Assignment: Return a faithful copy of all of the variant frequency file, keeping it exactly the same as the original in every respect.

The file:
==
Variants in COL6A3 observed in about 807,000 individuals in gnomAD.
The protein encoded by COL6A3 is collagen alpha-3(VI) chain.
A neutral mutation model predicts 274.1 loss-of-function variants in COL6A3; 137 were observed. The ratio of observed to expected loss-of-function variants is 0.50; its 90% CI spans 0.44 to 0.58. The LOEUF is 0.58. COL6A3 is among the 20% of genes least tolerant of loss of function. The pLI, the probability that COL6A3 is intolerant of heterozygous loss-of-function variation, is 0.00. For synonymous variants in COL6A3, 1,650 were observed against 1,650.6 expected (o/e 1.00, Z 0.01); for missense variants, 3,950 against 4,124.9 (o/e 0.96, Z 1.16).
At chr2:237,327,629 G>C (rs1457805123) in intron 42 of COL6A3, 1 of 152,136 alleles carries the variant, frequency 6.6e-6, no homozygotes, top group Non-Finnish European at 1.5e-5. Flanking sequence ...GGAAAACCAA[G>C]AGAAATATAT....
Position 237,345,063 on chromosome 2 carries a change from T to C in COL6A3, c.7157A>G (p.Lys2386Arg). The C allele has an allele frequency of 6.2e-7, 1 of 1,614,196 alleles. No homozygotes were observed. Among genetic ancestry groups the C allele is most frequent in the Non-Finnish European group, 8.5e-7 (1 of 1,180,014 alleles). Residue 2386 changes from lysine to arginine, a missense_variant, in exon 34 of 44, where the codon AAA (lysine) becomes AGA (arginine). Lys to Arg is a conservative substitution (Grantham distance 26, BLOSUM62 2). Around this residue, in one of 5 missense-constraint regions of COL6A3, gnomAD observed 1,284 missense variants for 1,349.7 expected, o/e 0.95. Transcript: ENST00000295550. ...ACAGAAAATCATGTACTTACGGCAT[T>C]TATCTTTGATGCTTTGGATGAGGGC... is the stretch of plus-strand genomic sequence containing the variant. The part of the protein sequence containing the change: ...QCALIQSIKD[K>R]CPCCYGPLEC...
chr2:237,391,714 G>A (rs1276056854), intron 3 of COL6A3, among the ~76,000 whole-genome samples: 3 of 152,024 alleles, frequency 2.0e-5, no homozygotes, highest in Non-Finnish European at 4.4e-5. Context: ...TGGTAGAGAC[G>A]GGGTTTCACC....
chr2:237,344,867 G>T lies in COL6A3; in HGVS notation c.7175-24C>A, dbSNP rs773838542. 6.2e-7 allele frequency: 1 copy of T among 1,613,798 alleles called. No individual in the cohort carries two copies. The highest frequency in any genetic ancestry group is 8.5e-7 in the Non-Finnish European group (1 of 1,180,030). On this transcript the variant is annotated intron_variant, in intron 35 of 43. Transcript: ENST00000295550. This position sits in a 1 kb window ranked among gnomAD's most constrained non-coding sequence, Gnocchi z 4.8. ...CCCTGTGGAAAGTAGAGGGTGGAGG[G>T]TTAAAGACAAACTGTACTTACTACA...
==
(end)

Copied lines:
Variants in COL6A3 observed in about 807,000 individuals in gnomAD.
The protein encoded by COL6A3 is collagen alpha-3(VI) chain.
A neutral mutation model predicts 274.1 loss-of-function variants in COL6A3; 137 were observed. The ratio of observed to expected loss-of-function variants is 0.50; its 90% CI spans 0.44 to 0.58. The LOEUF is 0.58. COL6A3 is among the 20% of genes least tolerant of loss of function. The pLI, the probability that COL6A3 is intolerant of heterozygous loss-of-function variation, is 0.00. For synonymous variants in COL6A3, 1,650 were observed against 1,650.6 expected (o/e 1.00, Z 0.01); for missense variants, 3,950 against 4,124.9 (o/e 0.96, Z 1.16).
At chr2:237,327,629 G>C (rs1457805123) in intron 42 of COL6A3, 1 of 152,136 alleles carries the variant, frequency 6.6e-6, no homozygotes, top group Non-Finnish European at 1.5e-5. Flanking sequence ...GGAAAACCAA[G>C]AGAAATATAT....
Position 237,345,063 on chromosome 2 carries a change from T to C in COL6A3, c.7157A>G (p.Lys2386Arg). The C allele has an allele frequency of 6.2e-7, 1 of 1,614,196 alleles. No homozygotes were observed. Among genetic ancestry groups the C allele is most frequent in the Non-Finnish European group, 8.5e-7 (1 of 1,180,014 alleles). Residue 2386 changes from lysine to arginine, a missense_variant, in exon 34 of 44, where the codon AAA (lysine) becomes AGA (arginine). Lys to Arg is a conservative substitution (Grantham distance 26, BLOSUM62 2). Around this residue, in one of 5 missense-constraint regions of COL6A3, gnomAD observed 1,284 missense variants for 1,349.7 expected, o/e 0.95. Transcript: ENST00000295550. ...ACAGAAAATCATGTACTTACGGCAT[T>C]TATCTTTGATGCTTTGGATGAGGGC... is the stretch of plus-strand genomic sequence containing the variant. The part of the protein sequence containing the change: ...QCALIQSIKD[K>R]CPCCYGPLEC...
chr2:237,391,714 G>A (rs1276056854), intron 3 of COL6A3, among the ~76,000 whole-genome samples: 3 of 152,024 alleles, frequency 2.0e-5, no homozygotes, highest in Non-Finnish European at 4.4e-5. Context: ...TGGTAGAGAC[G>A]GGGTTTCACC....
chr2:237,344,867 G>T lies in COL6A3; in HGVS notation c.7175-24C>A, dbSNP rs773838542. 6.2e-7 allele frequency: 1 copy of T among 1,613,798 alleles called. No individual in the cohort carries two copies. The highest frequency in any genetic ancestry group is 8.5e-7 in the Non-Finnish European group (1 of 1,180,030). On this transcript the variant is annotated intron_variant, in intron 35 of 43. Transcript: ENST00000295550. This position sits in a 1 kb window ranked among gnomAD's most constrained non-coding sequence, Gnocchi z 4.8. ...CCCTGTGGAAAGTAGAGGGTGGAGG[G>T]TTAAAGACAAACTGTACTTACTACA...